* Fully enclosed metal vehicles such as cars, trucks, buses, vans, and fully enclosed farm vehicles with the windows rolled up provide good shelter from lightning. Avoid contact with metal or conducting surfaces outside or inside the vehicle.

* When inside, avoid contact with conductive surfaces with exposure to the outside, including the shower, sink, plumbing fixtures, and metal door and window frames.

* Avoid outlets, electrical cords, and wired electrical devices, including telephones, computers, and televisions (particularly cable TVs).

How to Treat Someone Struck by Lightning

1. Call 911 to report the strike and give directions to emergency personnel. With immediate medical treatment, victims can survive an encounter with lightning. If multiple people have been struck, treat the apparently “dead” first. People who are unconscious but still breathing will probably recover on their own.

2. Move to a safer location and avoid getting struck yourself. It is unusual for victims who survive a lightning strike to have major fractures that would cause paralysis or major bleeding complications unless they have suffered a fall or been thrown a distance. Do not be afraid to move the victim rapidly if necessary; individuals who have been struck by lightning do not carry a charge and it is safe to touch them to give medical treatment.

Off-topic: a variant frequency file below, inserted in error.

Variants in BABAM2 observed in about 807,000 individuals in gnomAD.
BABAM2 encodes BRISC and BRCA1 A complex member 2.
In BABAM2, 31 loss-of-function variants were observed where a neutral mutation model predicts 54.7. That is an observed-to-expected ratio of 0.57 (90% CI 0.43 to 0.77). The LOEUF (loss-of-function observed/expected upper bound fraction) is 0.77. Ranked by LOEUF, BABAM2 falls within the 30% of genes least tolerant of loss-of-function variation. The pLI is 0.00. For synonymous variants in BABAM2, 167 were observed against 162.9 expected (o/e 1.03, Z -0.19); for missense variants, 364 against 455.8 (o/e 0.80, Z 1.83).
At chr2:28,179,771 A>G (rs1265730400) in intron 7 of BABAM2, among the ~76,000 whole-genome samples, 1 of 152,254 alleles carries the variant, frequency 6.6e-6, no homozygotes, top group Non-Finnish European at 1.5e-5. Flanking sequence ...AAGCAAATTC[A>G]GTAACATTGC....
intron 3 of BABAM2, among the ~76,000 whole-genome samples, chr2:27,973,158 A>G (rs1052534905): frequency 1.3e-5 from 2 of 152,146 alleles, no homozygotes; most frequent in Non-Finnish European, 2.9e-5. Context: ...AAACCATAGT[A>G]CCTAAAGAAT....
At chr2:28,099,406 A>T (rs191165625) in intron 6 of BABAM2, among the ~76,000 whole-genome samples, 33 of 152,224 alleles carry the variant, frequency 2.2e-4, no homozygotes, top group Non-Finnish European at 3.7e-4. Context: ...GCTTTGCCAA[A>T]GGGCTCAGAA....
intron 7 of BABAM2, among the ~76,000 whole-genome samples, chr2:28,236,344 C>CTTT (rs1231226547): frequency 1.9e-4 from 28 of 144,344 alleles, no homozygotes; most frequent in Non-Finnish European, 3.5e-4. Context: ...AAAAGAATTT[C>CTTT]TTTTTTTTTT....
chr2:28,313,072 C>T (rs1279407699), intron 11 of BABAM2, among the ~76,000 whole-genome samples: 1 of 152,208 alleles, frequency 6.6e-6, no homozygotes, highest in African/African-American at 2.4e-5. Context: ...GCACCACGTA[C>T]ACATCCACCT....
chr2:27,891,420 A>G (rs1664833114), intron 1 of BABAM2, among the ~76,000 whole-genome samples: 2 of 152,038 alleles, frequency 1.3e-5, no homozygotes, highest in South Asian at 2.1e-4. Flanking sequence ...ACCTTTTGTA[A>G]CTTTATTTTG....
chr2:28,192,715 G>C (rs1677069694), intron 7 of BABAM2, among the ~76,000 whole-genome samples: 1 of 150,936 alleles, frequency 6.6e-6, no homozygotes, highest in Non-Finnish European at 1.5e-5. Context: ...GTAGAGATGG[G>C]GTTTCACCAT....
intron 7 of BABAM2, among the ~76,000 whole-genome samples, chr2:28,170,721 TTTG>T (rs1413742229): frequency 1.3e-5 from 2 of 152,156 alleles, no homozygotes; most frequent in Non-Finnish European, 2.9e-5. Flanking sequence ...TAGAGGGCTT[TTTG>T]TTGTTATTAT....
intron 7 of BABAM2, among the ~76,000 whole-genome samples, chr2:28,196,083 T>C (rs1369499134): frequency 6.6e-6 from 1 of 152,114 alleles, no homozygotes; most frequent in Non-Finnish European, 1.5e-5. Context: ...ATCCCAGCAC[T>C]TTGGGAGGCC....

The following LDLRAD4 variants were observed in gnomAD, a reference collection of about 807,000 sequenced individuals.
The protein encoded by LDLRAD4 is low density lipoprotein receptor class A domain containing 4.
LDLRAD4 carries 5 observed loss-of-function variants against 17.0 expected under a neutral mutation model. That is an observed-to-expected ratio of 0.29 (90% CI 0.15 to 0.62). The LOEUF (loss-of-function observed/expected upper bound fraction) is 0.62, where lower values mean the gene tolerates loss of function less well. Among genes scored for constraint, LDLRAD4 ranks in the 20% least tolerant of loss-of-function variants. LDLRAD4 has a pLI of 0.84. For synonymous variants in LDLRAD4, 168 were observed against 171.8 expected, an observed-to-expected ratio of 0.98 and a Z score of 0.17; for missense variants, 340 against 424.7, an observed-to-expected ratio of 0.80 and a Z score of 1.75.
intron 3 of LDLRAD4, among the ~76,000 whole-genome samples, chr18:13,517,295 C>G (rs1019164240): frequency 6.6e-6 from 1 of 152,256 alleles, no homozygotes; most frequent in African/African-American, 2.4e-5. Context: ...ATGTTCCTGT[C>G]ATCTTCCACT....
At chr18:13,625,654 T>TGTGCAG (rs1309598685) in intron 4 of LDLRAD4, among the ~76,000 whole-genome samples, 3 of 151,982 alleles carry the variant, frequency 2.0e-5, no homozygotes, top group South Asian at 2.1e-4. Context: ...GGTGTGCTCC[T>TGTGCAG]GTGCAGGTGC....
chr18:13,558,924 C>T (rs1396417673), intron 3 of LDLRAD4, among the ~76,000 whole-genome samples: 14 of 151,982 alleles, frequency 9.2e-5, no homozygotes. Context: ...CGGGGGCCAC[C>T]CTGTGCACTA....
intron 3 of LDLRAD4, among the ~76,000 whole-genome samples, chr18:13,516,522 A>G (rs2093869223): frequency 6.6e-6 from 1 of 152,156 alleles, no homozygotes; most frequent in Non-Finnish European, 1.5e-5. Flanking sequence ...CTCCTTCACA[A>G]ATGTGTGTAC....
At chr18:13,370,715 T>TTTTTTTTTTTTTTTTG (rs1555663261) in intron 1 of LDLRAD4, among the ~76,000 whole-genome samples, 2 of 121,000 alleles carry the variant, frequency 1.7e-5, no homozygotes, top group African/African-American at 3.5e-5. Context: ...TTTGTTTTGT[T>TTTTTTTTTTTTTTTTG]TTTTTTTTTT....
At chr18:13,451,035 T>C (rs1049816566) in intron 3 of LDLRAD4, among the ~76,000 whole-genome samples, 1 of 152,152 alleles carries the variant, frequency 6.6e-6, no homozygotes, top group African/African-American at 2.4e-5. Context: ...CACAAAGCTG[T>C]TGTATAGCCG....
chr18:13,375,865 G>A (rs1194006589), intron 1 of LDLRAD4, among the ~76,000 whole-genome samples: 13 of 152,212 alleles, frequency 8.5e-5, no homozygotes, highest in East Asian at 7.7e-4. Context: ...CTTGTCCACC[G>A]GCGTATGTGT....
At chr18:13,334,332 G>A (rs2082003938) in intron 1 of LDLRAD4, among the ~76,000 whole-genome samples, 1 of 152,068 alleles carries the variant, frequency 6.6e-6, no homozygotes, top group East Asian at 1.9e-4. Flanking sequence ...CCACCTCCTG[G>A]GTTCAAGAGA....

3. In cold and wet environments, put a protective layer between the victim and the ground to decrease the chance of hypothermia, which can further complicate resuscitation. Check for burns, especially around jewelry and watches.

4. If the victim is not breathing, start mouth-to-mouth resuscitation. Give one breath every five seconds. If moving the victim, give a few quick breaths prior to moving.

5. Determine if the victim has a pulse. Check the pulse at the carotid artery (side of the neck) or femoral artery (groin) for at least 20 to 30 seconds.

6. If no pulse is detected, start cardiac compressions.

7. If the pulse returns, continue ventilation with rescue breathing as needed for as long as practical in a wilderness situation.

8. If a pulse does not return after 20 to 30 minutes of good effort, stop resuscitation efforts. In wilderness areas far from medical care, prolonged basic CPR is of little use—the victim is unlikely to recover if there is no response within the first few minutes.


And that thar is a funny tuna commercial. ;)

[User Picture]From: faerie_mistress
2006-11-07 09:51 am (UTC)
Big bada boom!
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[User Picture]From: randomposting
2006-11-08 07:58 pm (UTC)